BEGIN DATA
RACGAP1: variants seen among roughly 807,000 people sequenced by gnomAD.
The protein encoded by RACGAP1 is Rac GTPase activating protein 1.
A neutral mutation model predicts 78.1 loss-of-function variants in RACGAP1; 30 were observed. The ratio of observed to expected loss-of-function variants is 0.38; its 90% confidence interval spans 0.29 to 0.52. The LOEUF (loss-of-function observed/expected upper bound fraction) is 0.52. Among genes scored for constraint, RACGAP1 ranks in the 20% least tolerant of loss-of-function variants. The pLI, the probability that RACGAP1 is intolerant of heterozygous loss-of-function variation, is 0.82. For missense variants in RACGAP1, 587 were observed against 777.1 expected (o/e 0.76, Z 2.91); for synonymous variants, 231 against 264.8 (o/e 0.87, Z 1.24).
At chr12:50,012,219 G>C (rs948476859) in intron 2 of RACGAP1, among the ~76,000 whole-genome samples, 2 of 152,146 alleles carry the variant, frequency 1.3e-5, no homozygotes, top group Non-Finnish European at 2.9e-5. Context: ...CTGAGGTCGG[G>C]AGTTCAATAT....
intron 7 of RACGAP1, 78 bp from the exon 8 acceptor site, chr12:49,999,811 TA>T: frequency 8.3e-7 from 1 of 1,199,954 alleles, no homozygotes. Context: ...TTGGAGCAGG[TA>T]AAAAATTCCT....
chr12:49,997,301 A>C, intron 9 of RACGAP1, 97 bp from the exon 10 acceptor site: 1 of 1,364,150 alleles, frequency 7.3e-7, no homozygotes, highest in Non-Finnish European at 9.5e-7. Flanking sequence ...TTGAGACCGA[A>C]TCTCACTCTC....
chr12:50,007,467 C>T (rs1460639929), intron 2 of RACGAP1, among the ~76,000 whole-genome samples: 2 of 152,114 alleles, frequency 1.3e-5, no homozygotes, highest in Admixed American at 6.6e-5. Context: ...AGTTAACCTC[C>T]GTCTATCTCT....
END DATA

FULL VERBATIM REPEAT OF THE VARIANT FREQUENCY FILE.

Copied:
RACGAP1: variants seen among roughly 807,000 people sequenced by gnomAD.
The protein encoded by RACGAP1 is Rac GTPase activating protein 1.
A neutral mutation model predicts 78.1 loss-of-function variants in RACGAP1; 30 were observed. The ratio of observed to expected loss-of-function variants is 0.38; its 90% confidence interval spans 0.29 to 0.52. The LOEUF (loss-of-function observed/expected upper bound fraction) is 0.52. Among genes scored for constraint, RACGAP1 ranks in the 20% least tolerant of loss-of-function variants. The pLI, the probability that RACGAP1 is intolerant of heterozygous loss-of-function variation, is 0.82. For missense variants in RACGAP1, 587 were observed against 777.1 expected (o/e 0.76, Z 2.91); for synonymous variants, 231 against 264.8 (o/e 0.87, Z 1.24).
At chr12:50,012,219 G>C (rs948476859) in intron 2 of RACGAP1, among the ~76,000 whole-genome samples, 2 of 152,146 alleles carry the variant, frequency 1.3e-5, no homozygotes, top group Non-Finnish European at 2.9e-5. Context: ...CTGAGGTCGG[G>C]AGTTCAATAT....
intron 7 of RACGAP1, 78 bp from the exon 8 acceptor site, chr12:49,999,811 TA>T: frequency 8.3e-7 from 1 of 1,199,954 alleles, no homozygotes. Context: ...TTGGAGCAGG[TA>T]AAAAATTCCT....
chr12:49,997,301 A>C, intron 9 of RACGAP1, 97 bp from the exon 10 acceptor site: 1 of 1,364,150 alleles, frequency 7.3e-7, no homozygotes, highest in Non-Finnish European at 9.5e-7. Flanking sequence ...TTGAGACCGA[A>C]TCTCACTCTC....
chr12:50,007,467 C>T (rs1460639929), intron 2 of RACGAP1, among the ~76,000 whole-genome samples: 2 of 152,114 alleles, frequency 1.3e-5, no homozygotes, highest in Admixed American at 6.6e-5. Context: ...AGTTAACCTC[C>T]GTCTATCTCT....